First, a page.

Main rules for referencing according to APA Style

Date published by Date updated: March 27, 2017

The APA Style says you should cite each source you use in both the text and the reference list – but this is done in different ways.

Why cite your sources?

You should note the sources you consult in your dissertation, report or essay so that readers can identify and look at them. It’s also important to both give the authors of the source their due honor and avoid plagiarism.

The main rule of APA

Every time you use a source, you should both cite it directly in the relevant sentence or paragraph and include it the reference list (which is also called a source list or literature list).

The reference list is usually at the very end of your document but just before the appendix.

In short

Examples

What does this look like? Below is an example (the source is marked in yellow).

Reference in the text – Method 1
Attitude is one of the primary concepts of consumer behavior. Attitude can best be described as a learned manner of reacting positively or negatively regarding a certain object, thought or behavior (Fishbein & Ajzen, 1975).
Reference in the text – Method 2
Fishbein and Ajzen (1975) concluded that attitude can best be described as a learned manner of reacting positively or negatively regarding a certain object, thought or behavior.
Reference in the text – Method 3
Fishbein and Ajzen concluded in 1975 that attitude can best be described as a learned manner of reacting positively or negatively regarding a certain object, thought or behavior.
Source in the reference list
Fishbein, M., & Ajzen, I. (1975). Belief, attitude, intention, and behavior: An introduction to theory and research. Reading, MA: Addison Wesley.

The rules of notation

The main rule is always the same: cite each source you have consulted directly in the text and include it the reference list.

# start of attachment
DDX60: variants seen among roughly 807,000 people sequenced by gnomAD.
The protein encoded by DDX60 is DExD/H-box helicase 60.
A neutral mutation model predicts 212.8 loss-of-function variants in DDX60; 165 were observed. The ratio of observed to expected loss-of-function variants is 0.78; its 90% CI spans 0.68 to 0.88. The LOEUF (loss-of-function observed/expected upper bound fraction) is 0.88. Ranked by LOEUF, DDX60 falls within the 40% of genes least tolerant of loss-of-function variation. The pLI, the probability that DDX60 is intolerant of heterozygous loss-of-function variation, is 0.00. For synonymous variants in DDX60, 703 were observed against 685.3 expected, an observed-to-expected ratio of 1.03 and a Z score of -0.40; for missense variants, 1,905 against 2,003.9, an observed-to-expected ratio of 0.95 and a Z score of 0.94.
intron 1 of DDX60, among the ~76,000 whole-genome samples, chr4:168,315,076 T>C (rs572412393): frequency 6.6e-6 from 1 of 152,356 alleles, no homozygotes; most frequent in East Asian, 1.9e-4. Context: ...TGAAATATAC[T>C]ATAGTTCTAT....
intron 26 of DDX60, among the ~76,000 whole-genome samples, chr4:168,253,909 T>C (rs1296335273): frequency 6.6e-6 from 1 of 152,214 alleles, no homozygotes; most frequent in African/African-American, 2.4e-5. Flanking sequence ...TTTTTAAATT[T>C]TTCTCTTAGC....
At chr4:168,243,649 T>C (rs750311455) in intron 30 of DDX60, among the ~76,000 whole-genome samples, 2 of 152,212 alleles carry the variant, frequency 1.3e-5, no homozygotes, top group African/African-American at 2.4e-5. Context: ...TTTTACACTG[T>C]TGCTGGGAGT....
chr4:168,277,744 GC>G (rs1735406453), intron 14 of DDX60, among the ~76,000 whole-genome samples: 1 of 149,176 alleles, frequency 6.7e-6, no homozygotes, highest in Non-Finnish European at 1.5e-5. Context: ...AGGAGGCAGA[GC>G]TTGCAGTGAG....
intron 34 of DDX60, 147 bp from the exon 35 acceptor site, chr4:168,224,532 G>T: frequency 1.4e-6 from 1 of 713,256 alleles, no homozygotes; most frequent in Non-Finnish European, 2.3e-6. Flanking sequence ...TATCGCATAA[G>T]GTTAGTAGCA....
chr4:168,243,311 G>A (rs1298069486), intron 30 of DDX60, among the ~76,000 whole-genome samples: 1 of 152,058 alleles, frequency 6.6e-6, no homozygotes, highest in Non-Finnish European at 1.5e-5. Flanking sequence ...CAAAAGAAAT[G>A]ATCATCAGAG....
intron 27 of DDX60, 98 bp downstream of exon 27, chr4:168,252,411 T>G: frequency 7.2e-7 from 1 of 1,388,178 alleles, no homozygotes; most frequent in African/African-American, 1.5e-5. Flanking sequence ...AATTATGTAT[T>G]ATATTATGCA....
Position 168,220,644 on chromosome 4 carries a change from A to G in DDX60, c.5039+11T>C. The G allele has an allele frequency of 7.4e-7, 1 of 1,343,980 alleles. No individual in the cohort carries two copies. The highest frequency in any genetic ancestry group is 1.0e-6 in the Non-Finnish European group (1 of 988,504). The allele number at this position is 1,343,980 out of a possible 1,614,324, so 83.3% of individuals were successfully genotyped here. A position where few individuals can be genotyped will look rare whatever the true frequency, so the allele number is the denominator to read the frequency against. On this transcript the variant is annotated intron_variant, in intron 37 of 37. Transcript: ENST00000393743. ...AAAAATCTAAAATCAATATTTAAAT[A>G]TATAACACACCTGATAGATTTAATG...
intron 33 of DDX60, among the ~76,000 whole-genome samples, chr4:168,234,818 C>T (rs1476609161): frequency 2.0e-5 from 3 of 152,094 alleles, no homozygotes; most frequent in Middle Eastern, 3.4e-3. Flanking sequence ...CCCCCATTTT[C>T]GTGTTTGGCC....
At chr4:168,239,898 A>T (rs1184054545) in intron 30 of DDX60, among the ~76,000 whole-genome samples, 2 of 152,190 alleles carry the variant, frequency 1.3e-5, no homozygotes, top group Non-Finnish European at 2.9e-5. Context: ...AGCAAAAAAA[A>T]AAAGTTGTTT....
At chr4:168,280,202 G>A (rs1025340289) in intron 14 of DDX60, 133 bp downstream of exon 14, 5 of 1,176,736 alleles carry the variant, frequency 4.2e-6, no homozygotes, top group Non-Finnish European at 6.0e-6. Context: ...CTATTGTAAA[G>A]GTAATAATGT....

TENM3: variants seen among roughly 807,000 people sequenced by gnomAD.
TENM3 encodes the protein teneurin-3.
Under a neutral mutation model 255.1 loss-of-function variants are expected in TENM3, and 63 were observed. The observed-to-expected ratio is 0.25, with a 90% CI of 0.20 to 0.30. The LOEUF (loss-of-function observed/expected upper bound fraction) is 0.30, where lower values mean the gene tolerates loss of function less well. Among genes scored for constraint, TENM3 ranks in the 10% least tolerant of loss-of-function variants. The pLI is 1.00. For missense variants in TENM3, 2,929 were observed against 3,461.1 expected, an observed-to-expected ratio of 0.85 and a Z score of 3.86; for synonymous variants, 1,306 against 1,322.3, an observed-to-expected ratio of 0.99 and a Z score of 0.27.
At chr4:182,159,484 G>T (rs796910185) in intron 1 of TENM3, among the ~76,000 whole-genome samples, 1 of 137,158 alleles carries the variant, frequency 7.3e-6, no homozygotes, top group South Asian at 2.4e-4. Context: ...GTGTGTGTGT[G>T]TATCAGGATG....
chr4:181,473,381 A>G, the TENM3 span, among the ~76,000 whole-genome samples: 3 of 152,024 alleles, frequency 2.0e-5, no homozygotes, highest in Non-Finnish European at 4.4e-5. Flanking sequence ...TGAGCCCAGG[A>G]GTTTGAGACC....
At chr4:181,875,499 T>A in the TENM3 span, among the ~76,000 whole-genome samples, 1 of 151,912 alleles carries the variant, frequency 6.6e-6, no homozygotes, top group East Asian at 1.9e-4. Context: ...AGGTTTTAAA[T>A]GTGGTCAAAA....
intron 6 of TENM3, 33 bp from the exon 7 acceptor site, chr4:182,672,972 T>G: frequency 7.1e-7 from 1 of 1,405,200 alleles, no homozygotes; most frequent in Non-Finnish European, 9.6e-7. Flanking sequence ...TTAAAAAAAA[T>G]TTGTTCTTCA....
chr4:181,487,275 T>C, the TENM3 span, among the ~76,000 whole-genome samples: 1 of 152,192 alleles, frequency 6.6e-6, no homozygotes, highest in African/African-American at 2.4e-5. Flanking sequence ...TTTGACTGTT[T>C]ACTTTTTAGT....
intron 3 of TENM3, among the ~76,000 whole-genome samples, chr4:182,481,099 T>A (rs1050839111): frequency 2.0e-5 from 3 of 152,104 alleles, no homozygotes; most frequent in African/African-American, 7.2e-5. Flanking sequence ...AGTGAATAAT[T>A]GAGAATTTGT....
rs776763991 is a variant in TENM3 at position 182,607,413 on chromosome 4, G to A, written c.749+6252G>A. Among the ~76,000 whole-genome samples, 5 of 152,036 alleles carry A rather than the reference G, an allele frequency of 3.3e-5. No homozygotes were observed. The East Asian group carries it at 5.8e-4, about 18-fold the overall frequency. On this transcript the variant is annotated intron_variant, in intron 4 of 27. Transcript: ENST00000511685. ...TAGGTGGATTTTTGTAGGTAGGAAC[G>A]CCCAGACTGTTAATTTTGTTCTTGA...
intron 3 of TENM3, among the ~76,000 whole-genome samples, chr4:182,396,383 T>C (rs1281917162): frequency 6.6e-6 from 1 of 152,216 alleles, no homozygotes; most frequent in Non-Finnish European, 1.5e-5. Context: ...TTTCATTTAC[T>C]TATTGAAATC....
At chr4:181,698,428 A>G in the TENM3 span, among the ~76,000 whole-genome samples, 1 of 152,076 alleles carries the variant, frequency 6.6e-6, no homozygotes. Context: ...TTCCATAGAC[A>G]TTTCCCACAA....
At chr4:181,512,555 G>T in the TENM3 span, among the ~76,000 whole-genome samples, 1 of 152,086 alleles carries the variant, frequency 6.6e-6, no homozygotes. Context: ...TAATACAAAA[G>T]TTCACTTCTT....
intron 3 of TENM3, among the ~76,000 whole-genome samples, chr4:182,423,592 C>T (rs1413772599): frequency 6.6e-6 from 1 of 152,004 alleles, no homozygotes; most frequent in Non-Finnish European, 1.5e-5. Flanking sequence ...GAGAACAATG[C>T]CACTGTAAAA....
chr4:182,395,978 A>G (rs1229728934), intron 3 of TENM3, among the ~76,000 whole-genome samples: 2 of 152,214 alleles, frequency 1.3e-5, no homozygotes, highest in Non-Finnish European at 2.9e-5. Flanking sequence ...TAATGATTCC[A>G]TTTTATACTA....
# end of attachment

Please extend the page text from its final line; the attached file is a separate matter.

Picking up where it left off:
However, the rules for different sources are all slightly different. For instance, book titles should be put in italics, as shown in the example above. The rules related to citing different sources are collectively known as the reference style.

Check out more APA examples

Exceptions to the main rule

Just to make things more interesting, the APA Style has many exceptions. One of them is that you don’t need to include a source in the reference list if the reader is not able to look it up (such as a private Facebook page that the reader can’t access).

You can solve this problem by treating the source as one of the following:

Plagiarism

If you don’t cite your sources in the correct way, you are committing plagiarism. This can have serious consequences, so do your best to prevent plagiarism.

Learn more on APA citation rules

Now that you have an overview of the APA reference style, it is important that you understand how to handle each type of source. In the following two articles, we further explain the basic principles:

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Article by Bas Swaen

Bas is co-founder of Scribbr. Bas loves to teach and is an experienced thesis writer. He tries to help students with writing clear and easy to comprehend articles about difficult topics.

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